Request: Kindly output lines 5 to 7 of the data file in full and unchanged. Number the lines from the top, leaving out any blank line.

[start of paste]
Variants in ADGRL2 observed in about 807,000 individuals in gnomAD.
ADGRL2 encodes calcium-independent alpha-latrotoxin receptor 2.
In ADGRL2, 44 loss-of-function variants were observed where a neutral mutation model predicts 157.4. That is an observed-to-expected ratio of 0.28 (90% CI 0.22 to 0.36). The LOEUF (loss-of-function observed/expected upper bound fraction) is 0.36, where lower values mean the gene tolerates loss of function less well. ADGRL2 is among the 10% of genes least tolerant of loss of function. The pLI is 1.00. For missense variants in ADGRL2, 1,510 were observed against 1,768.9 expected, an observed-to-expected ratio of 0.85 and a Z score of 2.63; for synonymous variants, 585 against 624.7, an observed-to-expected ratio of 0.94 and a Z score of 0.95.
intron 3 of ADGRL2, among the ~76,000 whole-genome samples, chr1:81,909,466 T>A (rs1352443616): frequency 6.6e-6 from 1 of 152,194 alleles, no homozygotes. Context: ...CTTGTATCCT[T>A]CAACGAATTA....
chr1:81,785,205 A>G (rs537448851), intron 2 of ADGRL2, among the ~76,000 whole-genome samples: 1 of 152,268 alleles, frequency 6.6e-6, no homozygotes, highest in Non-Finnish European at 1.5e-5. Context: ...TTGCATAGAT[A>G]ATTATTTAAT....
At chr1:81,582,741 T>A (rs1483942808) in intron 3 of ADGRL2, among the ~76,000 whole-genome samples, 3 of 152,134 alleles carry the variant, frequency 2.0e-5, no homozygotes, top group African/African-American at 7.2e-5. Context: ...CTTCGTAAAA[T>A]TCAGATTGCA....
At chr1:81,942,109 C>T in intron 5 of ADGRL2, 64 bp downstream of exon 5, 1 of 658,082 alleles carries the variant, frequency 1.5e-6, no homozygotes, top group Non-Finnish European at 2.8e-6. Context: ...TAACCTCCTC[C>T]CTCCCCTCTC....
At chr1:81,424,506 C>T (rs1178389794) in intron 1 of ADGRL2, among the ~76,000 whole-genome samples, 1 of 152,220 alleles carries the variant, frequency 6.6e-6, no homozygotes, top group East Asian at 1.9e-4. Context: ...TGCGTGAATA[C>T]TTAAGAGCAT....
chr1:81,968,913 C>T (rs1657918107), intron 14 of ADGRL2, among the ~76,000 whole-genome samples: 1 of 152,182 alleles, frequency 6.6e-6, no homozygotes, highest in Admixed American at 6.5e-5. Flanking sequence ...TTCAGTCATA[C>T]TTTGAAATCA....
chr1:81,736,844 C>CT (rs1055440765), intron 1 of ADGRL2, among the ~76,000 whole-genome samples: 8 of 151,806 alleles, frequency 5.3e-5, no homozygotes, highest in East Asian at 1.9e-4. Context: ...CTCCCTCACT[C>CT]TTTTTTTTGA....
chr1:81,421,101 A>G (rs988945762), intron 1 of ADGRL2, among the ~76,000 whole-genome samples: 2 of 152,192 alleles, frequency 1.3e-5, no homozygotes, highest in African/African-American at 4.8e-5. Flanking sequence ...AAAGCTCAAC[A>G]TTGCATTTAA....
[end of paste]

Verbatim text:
chr1:81,785,205 A>G (rs537448851), intron 2 of ADGRL2, among the ~76,000 whole-genome samples: 1 of 152,268 alleles, frequency 6.6e-6, no homozygotes, highest in Non-Finnish European at 1.5e-5. Context: ...TTGCATAGAT[A>G]ATTATTTAAT....
At chr1:81,582,741 T>A (rs1483942808) in intron 3 of ADGRL2, among the ~76,000 whole-genome samples, 3 of 152,134 alleles carry the variant, frequency 2.0e-5, no homozygotes, top group African/African-American at 7.2e-5. Context: ...CTTCGTAAAA[T>A]TCAGATTGCA....
At chr1:81,942,109 C>T in intron 5 of ADGRL2, 64 bp downstream of exon 5, 1 of 658,082 alleles carries the variant, frequency 1.5e-6, no homozygotes, top group Non-Finnish European at 2.8e-6. Context: ...TAACCTCCTC[C>T]CTCCCCTCTC....